In the Immortal Words of Ralph Kramden: “Whoa, what a surprise!”

We recently wrote about the efforts of the chairman of the U.S. Consumer Product Safety Commision (CPSC), Nancy Nord, to oppose a Senate bill that would increase the budget and authority of the Commission to regulate consumer products such as children’s toys. It seemed more than a little odd that the government official in charge of protecting consumers would oppose legislation designed to improve product safety. Now a review of internal CPSC documents by The Washington Post reveals that since 2002 Chairman Nord, as well as her predecessor, Hal Stratton, have enjoyed nearly 30 trips totaling nearly $60,000.00 that were … Read the rest

Top U.S. Official for Protecting Consumer Product Safety Wants LESS Money and Clout to Enforce Consumer Protection Laws Than Senate Committee Approves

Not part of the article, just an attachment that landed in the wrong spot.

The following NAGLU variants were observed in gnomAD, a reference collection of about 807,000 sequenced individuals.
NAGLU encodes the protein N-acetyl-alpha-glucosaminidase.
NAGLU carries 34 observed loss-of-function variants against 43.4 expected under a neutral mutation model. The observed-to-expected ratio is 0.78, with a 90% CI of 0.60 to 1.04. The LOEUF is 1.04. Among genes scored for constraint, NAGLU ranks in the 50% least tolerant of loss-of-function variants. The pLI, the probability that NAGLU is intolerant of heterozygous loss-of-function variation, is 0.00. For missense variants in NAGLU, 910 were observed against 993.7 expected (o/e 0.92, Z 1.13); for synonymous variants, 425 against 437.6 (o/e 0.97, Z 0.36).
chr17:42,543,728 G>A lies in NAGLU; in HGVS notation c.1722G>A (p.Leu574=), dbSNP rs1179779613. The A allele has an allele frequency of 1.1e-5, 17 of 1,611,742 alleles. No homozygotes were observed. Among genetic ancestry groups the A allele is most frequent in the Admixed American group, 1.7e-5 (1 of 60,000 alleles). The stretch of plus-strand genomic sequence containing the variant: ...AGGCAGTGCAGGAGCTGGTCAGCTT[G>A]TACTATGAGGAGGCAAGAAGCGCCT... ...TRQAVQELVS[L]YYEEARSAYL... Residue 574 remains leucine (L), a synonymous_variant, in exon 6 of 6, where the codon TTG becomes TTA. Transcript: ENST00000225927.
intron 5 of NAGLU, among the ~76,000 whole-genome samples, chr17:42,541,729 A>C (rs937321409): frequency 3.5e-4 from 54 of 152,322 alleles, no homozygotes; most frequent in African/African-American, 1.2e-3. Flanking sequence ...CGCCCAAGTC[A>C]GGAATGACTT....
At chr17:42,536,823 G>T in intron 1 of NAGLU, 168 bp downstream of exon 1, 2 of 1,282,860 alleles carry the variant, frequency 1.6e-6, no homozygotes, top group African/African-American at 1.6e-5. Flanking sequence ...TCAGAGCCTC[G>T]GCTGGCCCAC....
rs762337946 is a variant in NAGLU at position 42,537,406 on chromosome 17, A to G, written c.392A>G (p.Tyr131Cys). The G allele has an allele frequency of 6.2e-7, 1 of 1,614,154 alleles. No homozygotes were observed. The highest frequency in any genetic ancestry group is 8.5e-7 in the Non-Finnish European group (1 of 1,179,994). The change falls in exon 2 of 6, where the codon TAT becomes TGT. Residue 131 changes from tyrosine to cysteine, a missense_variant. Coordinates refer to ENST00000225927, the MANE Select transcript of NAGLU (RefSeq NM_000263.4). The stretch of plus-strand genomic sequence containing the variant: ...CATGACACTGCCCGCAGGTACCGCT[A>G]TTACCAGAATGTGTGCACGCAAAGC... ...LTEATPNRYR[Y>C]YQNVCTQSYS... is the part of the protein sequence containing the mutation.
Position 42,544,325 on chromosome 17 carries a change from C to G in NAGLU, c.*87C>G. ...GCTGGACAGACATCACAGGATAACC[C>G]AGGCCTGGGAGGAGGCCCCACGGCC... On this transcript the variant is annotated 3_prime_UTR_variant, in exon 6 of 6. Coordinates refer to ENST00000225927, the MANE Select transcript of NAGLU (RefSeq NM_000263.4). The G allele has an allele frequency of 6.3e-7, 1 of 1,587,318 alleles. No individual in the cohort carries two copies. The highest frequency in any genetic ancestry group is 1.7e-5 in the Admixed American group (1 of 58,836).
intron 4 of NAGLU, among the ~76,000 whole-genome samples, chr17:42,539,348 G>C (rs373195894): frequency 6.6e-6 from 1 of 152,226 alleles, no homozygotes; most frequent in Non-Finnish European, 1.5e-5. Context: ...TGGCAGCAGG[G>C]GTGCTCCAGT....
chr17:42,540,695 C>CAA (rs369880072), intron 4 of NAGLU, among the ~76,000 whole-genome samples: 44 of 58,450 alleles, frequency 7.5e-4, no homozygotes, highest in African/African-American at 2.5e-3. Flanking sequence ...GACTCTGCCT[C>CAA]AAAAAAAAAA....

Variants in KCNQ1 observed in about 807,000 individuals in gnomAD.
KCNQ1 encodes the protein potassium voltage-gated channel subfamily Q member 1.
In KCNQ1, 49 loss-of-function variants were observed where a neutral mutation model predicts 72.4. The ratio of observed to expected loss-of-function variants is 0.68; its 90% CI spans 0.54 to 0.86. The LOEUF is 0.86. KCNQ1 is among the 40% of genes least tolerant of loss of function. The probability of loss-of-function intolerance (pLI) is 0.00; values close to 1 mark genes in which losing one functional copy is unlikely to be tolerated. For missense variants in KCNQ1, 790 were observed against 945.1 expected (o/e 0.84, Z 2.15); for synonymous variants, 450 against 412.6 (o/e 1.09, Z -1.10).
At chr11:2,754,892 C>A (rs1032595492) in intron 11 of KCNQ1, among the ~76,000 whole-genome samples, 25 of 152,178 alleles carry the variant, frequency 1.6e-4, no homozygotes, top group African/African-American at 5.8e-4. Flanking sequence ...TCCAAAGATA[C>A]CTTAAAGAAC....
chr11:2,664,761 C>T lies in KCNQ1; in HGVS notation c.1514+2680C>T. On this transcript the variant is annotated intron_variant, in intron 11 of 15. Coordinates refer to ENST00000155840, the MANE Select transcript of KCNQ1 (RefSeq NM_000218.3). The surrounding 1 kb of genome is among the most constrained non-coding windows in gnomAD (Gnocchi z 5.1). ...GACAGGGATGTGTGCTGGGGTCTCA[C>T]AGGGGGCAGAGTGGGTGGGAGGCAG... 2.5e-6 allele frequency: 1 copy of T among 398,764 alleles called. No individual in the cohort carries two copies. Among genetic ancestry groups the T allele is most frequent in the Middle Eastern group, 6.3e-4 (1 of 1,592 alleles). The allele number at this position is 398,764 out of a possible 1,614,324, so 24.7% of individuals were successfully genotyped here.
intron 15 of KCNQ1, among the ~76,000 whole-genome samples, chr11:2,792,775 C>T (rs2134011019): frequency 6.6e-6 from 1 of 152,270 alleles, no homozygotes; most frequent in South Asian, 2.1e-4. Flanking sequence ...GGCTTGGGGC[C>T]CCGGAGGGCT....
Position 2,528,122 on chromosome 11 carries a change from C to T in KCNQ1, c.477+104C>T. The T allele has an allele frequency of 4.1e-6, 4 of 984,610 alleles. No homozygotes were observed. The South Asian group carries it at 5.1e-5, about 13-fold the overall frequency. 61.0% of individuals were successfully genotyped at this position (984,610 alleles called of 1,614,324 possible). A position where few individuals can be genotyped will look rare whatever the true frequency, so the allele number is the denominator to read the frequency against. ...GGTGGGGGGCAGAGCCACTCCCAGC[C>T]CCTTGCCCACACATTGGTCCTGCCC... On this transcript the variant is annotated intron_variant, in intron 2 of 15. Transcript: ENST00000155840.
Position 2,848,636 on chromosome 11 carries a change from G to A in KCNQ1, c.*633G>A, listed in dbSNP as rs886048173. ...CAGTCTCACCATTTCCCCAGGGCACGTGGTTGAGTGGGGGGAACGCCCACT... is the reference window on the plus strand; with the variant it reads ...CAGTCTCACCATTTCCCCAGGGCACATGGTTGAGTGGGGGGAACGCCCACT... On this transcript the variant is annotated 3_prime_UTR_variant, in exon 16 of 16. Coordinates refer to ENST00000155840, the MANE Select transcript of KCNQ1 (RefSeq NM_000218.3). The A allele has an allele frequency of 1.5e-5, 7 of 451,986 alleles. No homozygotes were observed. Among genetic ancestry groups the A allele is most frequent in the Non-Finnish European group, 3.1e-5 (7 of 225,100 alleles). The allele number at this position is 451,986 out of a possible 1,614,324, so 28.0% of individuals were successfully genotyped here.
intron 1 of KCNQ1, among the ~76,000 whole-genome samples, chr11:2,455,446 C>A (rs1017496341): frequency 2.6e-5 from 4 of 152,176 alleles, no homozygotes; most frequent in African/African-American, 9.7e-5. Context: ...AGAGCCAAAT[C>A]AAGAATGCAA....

In an attempt to rectify problems and ensure the safety of our children, the Senate Committee on Commerce, Science & Transportation voted yesterday to approve a bill which would overhaul federal standards on consumer products, and includes vital whistle-blower provisions to protect employees who report consumer safety violations. Yet notwithstanding the widely reported recalls of children’s products and the real risks posed to consumers, the top U.S. official for consumer product safety, Nancy A. Nord, the acting chairman of the U.S. Consumer Product Safety Commission (CPSC), had asked Congress in recent days to reject the legislation.

Thus far this year, Read the rest

Hazards Associated with Children’s Toys Go Well Beyond China and Lead Paint

2007 is on its way to becoming the year when more toys were recalled than any other year in the history of the toy industry. As of August 15, 2007, the United States Consumer Product Safety Commission (“CPSC”) had recalled 40 toys, which extrapolates to 56 recalls by the end of the year. Much attention has been paid to the problem of toys colored with lead paint. Mattel, the world’s largest toy company, announced three major recalls, involving some 20 million items. The company said a number of toy cars and Barbie-related accessories had been colored with lead paint. … Read the rest